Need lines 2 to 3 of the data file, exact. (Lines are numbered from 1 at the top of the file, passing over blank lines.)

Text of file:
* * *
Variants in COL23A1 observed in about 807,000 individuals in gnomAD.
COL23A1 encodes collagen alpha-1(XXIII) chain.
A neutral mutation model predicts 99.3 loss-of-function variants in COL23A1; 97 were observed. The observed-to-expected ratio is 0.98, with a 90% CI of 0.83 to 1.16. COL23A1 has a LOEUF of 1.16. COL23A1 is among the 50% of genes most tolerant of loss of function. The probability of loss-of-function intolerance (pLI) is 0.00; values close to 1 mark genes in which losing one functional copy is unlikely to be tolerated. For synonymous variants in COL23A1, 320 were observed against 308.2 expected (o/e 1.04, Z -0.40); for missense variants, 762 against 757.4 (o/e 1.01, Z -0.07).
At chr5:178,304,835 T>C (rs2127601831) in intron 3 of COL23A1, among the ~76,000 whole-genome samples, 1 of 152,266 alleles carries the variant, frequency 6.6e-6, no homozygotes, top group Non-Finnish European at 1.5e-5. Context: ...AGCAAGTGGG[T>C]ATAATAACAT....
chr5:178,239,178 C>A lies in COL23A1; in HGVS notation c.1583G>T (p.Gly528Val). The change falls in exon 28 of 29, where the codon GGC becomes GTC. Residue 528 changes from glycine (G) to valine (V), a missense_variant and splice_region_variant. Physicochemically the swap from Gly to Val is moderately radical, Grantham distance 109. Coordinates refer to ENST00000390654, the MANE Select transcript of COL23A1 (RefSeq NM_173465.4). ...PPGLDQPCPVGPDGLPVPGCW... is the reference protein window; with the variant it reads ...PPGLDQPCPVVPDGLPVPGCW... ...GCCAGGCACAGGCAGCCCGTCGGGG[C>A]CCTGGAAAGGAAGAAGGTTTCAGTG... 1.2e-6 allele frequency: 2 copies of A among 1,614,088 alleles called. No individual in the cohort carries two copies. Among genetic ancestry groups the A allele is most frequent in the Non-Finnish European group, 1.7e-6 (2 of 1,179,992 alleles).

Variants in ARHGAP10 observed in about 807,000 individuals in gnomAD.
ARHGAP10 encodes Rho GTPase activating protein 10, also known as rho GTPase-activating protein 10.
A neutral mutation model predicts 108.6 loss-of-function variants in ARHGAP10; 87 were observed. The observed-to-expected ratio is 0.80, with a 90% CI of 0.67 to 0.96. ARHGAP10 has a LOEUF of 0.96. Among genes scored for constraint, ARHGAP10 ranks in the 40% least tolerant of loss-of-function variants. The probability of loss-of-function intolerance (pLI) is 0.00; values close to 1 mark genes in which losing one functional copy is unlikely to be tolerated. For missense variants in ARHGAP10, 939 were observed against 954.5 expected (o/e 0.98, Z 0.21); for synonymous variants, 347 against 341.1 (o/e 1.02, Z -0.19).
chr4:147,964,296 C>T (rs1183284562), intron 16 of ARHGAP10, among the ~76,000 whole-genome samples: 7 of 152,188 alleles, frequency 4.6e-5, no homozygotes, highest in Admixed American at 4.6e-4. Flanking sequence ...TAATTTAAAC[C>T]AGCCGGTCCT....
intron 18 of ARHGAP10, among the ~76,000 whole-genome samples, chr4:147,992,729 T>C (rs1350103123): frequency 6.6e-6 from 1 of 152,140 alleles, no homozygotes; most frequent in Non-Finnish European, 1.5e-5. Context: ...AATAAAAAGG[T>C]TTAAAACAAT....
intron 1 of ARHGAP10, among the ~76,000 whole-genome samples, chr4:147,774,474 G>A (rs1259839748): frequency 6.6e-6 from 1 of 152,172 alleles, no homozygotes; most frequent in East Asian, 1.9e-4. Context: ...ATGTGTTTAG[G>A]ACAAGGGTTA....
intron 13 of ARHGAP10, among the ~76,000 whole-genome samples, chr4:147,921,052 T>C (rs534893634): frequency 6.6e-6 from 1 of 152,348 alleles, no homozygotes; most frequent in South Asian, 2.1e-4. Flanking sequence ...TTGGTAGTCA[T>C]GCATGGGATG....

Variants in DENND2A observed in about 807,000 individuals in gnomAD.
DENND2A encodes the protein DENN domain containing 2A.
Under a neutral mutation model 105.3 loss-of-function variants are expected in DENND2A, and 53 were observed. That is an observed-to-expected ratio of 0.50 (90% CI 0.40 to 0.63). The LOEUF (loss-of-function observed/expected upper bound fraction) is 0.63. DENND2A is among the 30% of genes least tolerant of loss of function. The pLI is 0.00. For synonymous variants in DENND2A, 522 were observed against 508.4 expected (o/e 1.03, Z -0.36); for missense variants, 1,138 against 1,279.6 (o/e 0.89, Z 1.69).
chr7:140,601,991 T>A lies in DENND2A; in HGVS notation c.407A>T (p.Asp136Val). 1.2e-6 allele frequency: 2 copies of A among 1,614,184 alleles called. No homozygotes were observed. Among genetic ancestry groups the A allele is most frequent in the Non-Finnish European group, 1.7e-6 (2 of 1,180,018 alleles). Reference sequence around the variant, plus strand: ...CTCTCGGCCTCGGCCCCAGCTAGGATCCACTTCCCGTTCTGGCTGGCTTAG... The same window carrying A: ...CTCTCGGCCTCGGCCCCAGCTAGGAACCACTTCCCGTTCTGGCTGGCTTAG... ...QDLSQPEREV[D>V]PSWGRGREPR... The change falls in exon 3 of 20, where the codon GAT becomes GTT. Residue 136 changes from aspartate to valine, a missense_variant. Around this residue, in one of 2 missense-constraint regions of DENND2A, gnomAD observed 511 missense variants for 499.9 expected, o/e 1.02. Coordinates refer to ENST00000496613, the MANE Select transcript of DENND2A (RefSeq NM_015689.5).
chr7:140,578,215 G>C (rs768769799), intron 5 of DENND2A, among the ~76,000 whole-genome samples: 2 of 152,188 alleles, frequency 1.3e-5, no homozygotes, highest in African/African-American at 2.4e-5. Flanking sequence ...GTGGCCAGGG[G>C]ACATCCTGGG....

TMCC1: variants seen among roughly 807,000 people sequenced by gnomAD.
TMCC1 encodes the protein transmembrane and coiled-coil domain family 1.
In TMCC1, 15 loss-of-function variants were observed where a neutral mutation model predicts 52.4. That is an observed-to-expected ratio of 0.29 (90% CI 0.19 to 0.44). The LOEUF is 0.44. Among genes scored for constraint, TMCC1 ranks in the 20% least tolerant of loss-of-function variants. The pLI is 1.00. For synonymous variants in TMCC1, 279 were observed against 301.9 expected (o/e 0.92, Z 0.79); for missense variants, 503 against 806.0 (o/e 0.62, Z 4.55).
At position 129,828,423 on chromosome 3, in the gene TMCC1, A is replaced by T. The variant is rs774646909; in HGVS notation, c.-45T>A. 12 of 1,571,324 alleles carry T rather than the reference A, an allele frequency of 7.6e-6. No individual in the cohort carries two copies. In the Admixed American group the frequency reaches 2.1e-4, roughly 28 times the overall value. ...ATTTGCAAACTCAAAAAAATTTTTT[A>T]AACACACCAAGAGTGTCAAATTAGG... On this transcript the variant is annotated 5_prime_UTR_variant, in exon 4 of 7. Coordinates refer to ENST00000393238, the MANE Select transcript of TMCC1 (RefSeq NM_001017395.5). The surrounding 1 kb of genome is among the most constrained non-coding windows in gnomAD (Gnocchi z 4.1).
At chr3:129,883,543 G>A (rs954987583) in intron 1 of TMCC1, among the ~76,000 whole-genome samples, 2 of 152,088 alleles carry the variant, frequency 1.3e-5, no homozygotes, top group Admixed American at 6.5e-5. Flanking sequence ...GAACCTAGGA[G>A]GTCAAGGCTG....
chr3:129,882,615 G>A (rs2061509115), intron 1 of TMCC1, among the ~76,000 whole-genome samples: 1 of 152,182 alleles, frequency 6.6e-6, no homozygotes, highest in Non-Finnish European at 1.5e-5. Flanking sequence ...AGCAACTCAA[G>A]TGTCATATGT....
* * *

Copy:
COL23A1 encodes collagen alpha-1(XXIII) chain.
A neutral mutation model predicts 99.3 loss-of-function variants in COL23A1; 97 were observed. The observed-to-expected ratio is 0.98, with a 90% CI of 0.83 to 1.16. COL23A1 has a LOEUF of 1.16. COL23A1 is among the 50% of genes most tolerant of loss of function. The probability of loss-of-function intolerance (pLI) is 0.00; values close to 1 mark genes in which losing one functional copy is unlikely to be tolerated. For synonymous variants in COL23A1, 320 were observed against 308.2 expected (o/e 1.04, Z -0.40); for missense variants, 762 against 757.4 (o/e 1.01, Z -0.07).